Today is World Bread Day. A day to bake, talk about and celebrate bread. The fabulous bread baker Natashya, Living in the Kitchen with Puppies, invited me to participate this year, so how could I resist. I love the smell of bread baking in the oven and the taste for a delicious slice of hot bread slathered with butter and jam.
I’ve made lots of loaves of no knead artisan bread this year and dozens of my favorite dinner rolls, but one bread that I’ve never made before is bagels. My boys love to grab a bagel as a snack after school before football practice and I’ve been wanting to make them for some time, so World Bread Day seemed like the perfect opportunity.
There have been lots of great bagel posts lately. My sweet friend Tiffany, Food Finery, posted her delicious bagel recipe and Nicole, Baking Bites, also posted her gorgeous bagels and great tips on how to shape them. But my boys always want me to buy cinnamon raisin bagels, so I ended up on Smitten Kitchen reading a fun post about when Deb baked Cinnamon Raisin Bagels with Ree.
In the end, I ended up making Cinnamon Cranberry Bagels because no one told me we were out of raisins, which was great for me because I love Craisins in almost anything. My boys also loved the bagels, especially the ones with the cinnamon sugar top.
I was so pleased with how they turned out on my first try. They had a great chewy texture, but were more tender than the bagels that I buy from Einsteins. The recipe wasn’t difficult at all, a little time consuming, but most of the time is spent waiting. This is definitely a recipe I would make again. I think making my own bagels will save me tons of money.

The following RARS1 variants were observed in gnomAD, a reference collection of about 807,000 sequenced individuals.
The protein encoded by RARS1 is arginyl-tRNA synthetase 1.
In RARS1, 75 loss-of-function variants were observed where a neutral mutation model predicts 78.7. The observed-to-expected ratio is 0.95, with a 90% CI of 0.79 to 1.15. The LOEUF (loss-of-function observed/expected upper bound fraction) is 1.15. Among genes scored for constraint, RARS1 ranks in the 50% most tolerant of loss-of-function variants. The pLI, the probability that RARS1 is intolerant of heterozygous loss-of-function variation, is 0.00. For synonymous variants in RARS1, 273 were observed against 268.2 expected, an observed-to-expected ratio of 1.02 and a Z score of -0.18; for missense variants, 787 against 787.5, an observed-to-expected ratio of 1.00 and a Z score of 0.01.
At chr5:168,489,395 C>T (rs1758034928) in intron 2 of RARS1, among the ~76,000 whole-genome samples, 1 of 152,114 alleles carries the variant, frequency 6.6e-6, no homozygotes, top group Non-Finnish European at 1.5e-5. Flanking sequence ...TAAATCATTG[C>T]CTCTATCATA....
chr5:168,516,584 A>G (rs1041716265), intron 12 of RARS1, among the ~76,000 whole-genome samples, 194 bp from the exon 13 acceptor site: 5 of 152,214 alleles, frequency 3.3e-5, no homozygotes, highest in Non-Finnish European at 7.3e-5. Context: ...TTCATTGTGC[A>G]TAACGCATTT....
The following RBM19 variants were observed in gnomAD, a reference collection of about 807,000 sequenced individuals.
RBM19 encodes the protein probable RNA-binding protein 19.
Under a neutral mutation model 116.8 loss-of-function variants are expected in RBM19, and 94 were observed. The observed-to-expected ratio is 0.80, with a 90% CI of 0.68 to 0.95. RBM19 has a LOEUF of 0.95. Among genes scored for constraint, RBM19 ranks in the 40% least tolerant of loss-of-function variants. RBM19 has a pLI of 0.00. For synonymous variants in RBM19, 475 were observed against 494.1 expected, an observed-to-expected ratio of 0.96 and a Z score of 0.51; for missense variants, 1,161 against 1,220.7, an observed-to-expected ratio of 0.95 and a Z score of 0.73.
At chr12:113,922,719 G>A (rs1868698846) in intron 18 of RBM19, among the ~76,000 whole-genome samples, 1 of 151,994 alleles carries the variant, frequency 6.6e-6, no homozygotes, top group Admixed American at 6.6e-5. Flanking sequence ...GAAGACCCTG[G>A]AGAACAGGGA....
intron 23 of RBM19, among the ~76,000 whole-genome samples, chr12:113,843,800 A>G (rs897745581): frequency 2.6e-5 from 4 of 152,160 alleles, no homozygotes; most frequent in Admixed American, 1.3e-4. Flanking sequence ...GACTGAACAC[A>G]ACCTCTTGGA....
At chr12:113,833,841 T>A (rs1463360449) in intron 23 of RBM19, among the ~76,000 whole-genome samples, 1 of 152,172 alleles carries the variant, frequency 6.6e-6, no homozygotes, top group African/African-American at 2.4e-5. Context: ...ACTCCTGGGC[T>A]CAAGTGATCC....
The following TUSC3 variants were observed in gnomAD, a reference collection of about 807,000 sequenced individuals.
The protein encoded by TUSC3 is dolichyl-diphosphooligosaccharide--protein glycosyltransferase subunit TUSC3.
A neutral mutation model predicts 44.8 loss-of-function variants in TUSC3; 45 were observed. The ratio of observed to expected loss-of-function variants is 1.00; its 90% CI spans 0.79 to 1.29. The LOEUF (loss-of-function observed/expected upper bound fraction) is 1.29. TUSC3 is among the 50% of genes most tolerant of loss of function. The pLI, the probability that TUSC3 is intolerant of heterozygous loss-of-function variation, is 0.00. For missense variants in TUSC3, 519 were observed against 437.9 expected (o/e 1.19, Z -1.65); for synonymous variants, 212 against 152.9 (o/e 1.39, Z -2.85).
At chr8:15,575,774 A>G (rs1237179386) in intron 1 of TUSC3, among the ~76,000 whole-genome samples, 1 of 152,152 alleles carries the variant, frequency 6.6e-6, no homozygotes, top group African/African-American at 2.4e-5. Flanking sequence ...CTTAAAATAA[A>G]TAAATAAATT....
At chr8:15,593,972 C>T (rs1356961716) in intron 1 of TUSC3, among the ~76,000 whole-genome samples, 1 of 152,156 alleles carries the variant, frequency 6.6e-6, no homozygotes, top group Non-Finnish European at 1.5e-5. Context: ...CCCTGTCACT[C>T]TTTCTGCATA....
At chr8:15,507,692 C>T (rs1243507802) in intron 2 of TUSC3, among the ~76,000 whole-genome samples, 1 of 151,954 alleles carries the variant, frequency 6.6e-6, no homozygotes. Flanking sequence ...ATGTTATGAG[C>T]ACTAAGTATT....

Deb adapted her recipe from Peter Reinhart’s The Bread Baker’s Apprentice. I’ve posted the recipe below with my changes indicated in italics. Most of the changes I made were to accommodate my higher altitude and dry climate.
- 1 teaspoon instant yeast
- 4 cups unbleached high-gluten or bread flour
- 2 1/2 cups water, room temperature
- 1 teaspoon instant yeast (I used 1/2 teaspoon to adjust for high altitude baking)
- 3 3/4 cups unbleached high-gluten or bread flour (I only needed 3 cups)
- 1 tablespoon ground cinnamon
- 5 tablespoons sugar
- 2 3/4 teaspoons salt
- 2 teaspoons malt powder or 1 tablespoon dark or light malt syrup, honey, or brown sugar
- 2 cups Craisins
- 1 tablespoon baking soda (I forgot to add the soda)
- Cornmeal or semolina flour for dusting
- Melted butter for brushing (optional)
- Cinnamon sugar for sprinkling (optional)
Day one: To make the sponge, stir the yeast into the flour in a 4-quart mixing bowl. Add the water, whisking or stirring only until it forms a smooth, sticky batter (like pancake batter). Cover the bowl with plastic wrap and leave at room temperature for approximately 2 hours, or until the mixture becomes very foamy and bubbly. It should swell to nearly double in size and collapse when the bowl is tapped on the countertop. (Mine was doubled in 1 1/2 hours)
To make the dough, in the same mixing bowl (or in the bowl of an electric mixer), add the additional yeast to the sponge and stir. Then add 3 cups of the flour, cinnamon, sugar, salt and malt. Stir (or mix on low speed with the dough hook) until the ingredients form a ball, slowly working in the remaining 3/4 cup flour to stiffen the dough. In the last two minutes of mixing, add the Craisins.